In the beginning, man was placed in a garden to tend and  keep it. This was his task of dominion over the earth, to maintain the place where God and man met face to face. What a noble and joyful purpose of life! He was called to husbandry. When Adam fell, he and all the rest of us schmoes whom he represented, were cursed and separated from communion with the Almighty. Part of that curse was destructive, unproductive and troubling plants. Bad Plants! Specifically mentioned in Genesis 3 are thorns and thistles. In the gospels, weeds or tares are mentioned as a trouble plant (Matthew 13:24+) used by one’s adversary to ruin productive work. Weeds are the bane of all gardeners, because they are part of the curse upon mankind from which Christ saves us.

Gardeners do not have to be taught that weeds are annoying. These plants are invasive, pervasive and dogged little devils. If left to their own, they are killers of fruitful plants and destroyers. I hate weeds. Everyone hates weeds. Shakespear quipped, “Sweet flowers are slow and weeds make haste.” Weeds are no good.


Above: There’s great soil down there, but look at our weedy jungle where there used to be lovely and productive pepper plants. The son and the dog enjoy searching for critters.

In my little garden plot, three 4×16 foot raised beds, I made the foolish mistake of allowing the weeds to take over after the 2015 season. Life got busy and things were hectic. When the weeds began, I tried to overlay the whole garden with scrap carpet, carpet padding and other ‘matty’ things in a half-baked effort to retard weeds. I knew I would come back to the plots in the future, but did not want the weeds to be established.

But weeds have a way of overcoming virtually every effort, especially half-baked efforts. They are tough. My garden had half-inch woody trunks in it at the beginning of this year. All weeds. they grew through – yes, through – the carpet padding. In fact, the whole garden had so returned to un-kept earth that leopard frogs, snakes and lizards had all found a dense habitat there. I was ashamed.


Above: My new favorite tool made short work of all the other weeds. But the nutgrass? Still there. We shall overcome and make right our neglectful abuse of the ground. War on Weeds!

Having now invested a lot of work to clear these weeds, Genesis is very real. By the sweat of my brow and the toil of hard work, what was created to be my joyful calling was a harsh lesson in garden theology. In fact, these weeds, nutgrass in particular, are so nasty that they resist all efforts to eradicate them short of chemical warfare, and I can’t be using Round Up in my food gardens. I have turned the soil, cultivated with a grubhoe and chopped everything to bits, hoping the bits would die and naturally compost away. If you chop me to bits, I am not coming back to torment you. But if you have battled nutgrass, you know what happened. Every tiny piece of root, stem or leaf, seed or slight microscopic piece of the plant became a new weed overnight. Every single bit. Don’t chop this stuff up.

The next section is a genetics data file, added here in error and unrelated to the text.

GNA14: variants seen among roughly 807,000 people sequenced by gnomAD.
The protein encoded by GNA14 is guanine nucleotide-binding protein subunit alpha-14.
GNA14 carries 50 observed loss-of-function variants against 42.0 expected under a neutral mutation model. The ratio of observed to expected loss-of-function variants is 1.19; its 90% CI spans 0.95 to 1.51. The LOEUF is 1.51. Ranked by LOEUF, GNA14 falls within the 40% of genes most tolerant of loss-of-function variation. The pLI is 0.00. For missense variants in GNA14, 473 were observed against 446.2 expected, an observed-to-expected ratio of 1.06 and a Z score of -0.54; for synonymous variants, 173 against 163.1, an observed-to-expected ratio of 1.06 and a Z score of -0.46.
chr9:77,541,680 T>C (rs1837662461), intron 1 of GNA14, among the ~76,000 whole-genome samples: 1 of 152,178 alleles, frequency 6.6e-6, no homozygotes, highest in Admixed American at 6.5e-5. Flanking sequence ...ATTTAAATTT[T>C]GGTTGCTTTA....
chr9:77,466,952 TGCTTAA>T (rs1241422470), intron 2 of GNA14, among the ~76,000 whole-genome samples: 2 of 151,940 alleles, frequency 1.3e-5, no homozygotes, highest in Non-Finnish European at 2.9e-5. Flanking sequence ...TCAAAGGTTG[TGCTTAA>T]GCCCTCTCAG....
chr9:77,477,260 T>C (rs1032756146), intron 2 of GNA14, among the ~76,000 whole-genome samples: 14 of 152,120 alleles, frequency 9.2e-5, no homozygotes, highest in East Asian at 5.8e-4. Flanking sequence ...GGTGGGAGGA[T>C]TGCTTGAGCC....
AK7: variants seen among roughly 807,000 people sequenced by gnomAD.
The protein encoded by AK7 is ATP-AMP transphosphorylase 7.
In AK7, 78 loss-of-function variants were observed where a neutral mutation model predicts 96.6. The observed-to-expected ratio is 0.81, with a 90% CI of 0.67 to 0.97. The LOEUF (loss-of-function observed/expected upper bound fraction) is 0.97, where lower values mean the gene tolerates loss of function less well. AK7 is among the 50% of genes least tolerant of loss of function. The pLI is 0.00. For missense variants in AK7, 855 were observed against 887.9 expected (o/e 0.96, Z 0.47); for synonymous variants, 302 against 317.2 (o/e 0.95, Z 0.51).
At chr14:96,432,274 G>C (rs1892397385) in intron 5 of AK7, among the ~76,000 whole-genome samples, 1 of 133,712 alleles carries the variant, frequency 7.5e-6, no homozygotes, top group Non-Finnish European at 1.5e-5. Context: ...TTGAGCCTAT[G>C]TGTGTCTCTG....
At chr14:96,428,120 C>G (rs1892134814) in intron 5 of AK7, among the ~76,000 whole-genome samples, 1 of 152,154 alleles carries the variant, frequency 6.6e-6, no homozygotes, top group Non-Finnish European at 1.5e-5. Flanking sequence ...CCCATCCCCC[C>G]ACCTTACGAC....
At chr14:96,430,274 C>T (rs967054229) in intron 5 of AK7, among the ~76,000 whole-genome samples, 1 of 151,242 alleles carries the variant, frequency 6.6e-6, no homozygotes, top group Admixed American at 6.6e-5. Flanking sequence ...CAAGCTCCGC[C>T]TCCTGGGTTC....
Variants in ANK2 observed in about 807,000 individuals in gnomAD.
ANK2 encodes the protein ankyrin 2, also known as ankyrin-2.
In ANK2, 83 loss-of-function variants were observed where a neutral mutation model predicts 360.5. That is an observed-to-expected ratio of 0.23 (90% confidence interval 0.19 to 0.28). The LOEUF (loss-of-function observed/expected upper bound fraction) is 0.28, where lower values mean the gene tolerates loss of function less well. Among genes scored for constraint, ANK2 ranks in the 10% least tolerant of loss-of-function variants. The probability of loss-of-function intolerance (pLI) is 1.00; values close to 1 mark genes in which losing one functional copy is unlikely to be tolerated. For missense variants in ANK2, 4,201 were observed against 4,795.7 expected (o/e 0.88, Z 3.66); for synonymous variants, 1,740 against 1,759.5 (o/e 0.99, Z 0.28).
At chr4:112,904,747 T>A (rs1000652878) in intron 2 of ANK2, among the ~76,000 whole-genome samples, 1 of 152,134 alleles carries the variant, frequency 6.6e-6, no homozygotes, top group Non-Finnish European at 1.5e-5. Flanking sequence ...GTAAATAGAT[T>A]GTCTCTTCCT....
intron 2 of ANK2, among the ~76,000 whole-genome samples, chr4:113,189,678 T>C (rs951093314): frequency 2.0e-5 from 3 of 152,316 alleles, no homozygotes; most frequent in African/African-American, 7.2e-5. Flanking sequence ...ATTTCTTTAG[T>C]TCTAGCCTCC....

See that photo above? Chopped up Nutgrass, then you might notice the tops – burned off. Yet they live. Look at that crazy root system. Every last millimeter of those roots can spawn new weeds if chopped up.

So then I figured I would kill it with fire. So out came the faithful propane weed torch. This thing is like a propane jet engine at the end of a wand. It is fun to use and makes one laugh out loud with the vigor of a mad scientist. I burned all these nutgrass shoots until they were all gone, level with the earth, hoping that the fire trauma would be enough to kill them.  If you burn me to bits, that’s it, game over, man. But the next day, they had risen an inch above the scorched earth in a wounded but proud manner, as if to mock me. I was dumbfounded, I could not believe my eyes. Nutgrass!

There is nothing to do but pull them one by one, by the sweat of the brow. Genesis is true. And that is a cursed activity I hate.

Once my plants are in place in the garden and established, the only thing that will help keep these weeds in check is a thick layer of mulch. I will use whatever I can source easily, mostly grass clippings from my lawn, but I will supplement with leaves and maybe even some straw. Remember Genesis 2:15, “The Lord God took the man and put him in the garden of Eden to work it and keep it.” (emphasis mine)

Even my faithful ally in the war on weeds, a thick mat of mulch, will allow some demon weeds through so that I do not forget The Curse. But it will be far more easy to pull those several weeds through a layer of mulch. These weeds will have struggled just to peek out into sunlight. They will have overcome adversity caused by the smothering mulch, but will not be well-established when they appear. They will be simple matters to deal with and will usually pull up simply with little resistance, roots and all.

Good will always triumph with a wise application of mulch. All the other weeds buried beneath the mulch will struggle, and hopefully die a slow and miserable death as they run out of life-giving resources and return to the sulfurous pit from whence they came. The plague of weeds can, actually, come to an end. But it requires the continual tending of the gardener. It requires ongoing attention. This is a lesson, a very good lesson. Let him who has ears hear.

Better to stay on top of weeds than to lose control of once-cultivated earth. Take heed, kill the weeds.


Here are some videos that give a good look at this weed. As I learn more about this nemesis, I have come to respect and even admire this determined foe. Have a look: